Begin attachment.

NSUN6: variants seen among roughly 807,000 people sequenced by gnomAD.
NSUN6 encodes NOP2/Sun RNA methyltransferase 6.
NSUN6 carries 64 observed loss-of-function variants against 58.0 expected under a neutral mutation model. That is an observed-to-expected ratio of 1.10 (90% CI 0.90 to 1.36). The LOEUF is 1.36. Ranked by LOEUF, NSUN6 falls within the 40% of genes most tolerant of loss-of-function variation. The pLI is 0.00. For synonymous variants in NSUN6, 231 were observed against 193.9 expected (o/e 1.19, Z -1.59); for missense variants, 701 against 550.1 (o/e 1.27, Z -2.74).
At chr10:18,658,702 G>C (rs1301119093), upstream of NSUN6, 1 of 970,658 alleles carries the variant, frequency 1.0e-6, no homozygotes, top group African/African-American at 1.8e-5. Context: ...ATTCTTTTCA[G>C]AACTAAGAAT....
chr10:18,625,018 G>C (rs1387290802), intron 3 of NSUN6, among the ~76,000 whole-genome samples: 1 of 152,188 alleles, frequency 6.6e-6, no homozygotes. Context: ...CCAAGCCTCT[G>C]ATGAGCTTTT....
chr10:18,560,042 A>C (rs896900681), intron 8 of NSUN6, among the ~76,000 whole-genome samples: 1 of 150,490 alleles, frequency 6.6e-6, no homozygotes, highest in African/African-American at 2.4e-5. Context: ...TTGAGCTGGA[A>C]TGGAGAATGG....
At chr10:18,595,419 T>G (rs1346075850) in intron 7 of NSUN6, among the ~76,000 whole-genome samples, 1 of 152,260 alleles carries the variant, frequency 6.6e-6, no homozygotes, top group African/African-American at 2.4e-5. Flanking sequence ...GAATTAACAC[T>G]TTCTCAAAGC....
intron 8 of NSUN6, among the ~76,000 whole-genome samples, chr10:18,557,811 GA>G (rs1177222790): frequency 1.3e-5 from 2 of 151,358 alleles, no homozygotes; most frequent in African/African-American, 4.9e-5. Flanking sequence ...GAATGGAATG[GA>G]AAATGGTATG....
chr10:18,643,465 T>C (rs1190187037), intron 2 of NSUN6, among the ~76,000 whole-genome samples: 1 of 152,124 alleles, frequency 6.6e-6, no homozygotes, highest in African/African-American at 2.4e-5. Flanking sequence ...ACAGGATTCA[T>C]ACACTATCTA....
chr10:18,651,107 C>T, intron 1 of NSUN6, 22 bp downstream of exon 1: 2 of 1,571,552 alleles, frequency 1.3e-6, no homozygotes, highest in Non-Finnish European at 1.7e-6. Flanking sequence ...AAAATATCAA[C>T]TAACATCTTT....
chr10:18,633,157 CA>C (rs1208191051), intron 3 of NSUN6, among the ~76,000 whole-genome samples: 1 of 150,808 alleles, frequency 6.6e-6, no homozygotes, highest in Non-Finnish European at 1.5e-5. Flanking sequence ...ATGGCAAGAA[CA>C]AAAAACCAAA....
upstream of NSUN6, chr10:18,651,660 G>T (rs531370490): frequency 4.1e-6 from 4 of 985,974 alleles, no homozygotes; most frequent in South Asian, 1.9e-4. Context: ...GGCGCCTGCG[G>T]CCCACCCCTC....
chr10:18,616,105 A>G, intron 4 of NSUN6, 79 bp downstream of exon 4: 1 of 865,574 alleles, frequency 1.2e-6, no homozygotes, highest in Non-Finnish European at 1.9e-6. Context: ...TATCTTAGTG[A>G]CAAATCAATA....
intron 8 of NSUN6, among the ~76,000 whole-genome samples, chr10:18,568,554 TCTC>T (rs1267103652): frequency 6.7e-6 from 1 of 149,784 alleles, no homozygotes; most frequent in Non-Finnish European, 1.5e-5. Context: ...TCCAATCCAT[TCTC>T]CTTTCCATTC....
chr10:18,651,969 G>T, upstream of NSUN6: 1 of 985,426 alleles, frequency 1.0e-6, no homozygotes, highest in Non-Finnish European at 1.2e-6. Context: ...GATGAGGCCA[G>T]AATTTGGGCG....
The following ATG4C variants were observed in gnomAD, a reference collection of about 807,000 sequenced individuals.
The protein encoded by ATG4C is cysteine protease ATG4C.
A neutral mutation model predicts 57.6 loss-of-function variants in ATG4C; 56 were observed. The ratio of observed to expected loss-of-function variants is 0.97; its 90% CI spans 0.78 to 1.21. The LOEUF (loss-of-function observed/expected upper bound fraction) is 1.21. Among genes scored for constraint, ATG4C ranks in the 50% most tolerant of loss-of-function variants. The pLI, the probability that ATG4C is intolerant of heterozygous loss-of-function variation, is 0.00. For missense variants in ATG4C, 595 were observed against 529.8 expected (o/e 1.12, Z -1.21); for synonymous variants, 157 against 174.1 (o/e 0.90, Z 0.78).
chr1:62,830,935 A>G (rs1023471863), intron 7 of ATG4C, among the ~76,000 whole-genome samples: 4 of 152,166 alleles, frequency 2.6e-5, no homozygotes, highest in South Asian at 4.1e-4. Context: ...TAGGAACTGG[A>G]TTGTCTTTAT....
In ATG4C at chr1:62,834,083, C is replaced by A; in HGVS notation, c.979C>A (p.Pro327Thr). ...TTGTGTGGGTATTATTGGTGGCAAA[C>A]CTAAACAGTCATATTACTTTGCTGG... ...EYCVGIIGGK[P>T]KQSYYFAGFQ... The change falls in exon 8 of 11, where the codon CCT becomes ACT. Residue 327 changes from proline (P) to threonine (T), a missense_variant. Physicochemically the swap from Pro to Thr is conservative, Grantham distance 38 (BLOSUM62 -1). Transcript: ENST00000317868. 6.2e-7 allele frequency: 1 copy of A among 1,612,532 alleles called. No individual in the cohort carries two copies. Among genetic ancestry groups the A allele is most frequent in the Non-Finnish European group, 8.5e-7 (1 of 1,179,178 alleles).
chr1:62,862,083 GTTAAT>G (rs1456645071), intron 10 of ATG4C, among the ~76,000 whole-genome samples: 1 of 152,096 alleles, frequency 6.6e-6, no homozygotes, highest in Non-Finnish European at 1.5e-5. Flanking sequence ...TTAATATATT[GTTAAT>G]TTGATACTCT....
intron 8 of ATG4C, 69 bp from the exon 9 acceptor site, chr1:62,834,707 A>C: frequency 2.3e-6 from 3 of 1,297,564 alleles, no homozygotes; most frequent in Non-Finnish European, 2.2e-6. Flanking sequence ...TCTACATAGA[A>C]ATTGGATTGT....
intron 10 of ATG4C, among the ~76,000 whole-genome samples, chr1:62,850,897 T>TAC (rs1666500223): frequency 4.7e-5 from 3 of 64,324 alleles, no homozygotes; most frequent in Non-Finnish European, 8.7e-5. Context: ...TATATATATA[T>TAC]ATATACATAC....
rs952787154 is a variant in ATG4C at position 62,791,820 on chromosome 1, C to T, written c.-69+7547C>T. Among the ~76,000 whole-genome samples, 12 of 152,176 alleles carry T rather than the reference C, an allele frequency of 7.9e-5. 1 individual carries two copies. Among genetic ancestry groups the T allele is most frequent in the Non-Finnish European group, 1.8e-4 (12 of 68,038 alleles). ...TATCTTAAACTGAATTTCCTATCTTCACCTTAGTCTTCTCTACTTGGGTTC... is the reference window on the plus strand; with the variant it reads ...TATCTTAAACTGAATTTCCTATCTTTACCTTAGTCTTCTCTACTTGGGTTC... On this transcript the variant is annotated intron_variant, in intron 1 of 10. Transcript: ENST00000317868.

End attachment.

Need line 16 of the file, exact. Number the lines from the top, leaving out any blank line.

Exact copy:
The following ATG4C variants were observed in gnomAD, a reference collection of about 807,000 sequenced individuals.